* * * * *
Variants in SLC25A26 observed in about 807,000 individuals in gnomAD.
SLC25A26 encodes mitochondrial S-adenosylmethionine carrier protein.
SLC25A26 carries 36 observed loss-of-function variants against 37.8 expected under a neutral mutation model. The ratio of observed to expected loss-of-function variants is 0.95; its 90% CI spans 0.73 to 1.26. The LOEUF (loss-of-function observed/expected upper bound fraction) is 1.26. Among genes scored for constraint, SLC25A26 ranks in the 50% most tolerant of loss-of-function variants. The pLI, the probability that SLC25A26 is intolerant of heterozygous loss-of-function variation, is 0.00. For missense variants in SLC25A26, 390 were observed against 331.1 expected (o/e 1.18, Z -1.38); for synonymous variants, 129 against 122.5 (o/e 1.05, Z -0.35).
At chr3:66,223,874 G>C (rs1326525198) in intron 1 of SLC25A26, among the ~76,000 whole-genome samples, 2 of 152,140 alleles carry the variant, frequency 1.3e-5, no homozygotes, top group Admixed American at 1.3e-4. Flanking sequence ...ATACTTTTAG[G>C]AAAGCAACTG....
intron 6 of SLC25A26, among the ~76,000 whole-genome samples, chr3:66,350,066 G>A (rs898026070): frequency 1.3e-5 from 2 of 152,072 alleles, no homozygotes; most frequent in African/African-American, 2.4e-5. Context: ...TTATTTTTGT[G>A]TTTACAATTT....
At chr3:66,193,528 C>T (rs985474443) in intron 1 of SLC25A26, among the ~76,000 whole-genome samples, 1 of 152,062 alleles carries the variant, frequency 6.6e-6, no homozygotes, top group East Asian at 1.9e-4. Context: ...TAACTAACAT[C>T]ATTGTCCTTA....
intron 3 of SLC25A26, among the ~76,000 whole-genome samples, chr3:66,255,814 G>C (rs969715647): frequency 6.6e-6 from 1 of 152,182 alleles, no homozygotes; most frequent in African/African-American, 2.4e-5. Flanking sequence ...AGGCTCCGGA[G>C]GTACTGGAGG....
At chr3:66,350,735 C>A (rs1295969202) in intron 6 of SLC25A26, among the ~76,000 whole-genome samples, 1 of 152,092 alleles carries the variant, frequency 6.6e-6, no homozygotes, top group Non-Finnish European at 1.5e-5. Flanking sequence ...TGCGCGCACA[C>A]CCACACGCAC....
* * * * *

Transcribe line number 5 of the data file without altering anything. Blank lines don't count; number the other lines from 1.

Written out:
intron 6 of SLC25A26, among the ~76,000 whole-genome samples, chr3:66,350,066 G>A (rs898026070): frequency 1.3e-5 from 2 of 152,072 alleles, no homozygotes; most frequent in African/African-American, 2.4e-5. Context: ...TTATTTTTGT[G>A]TTTACAATTT....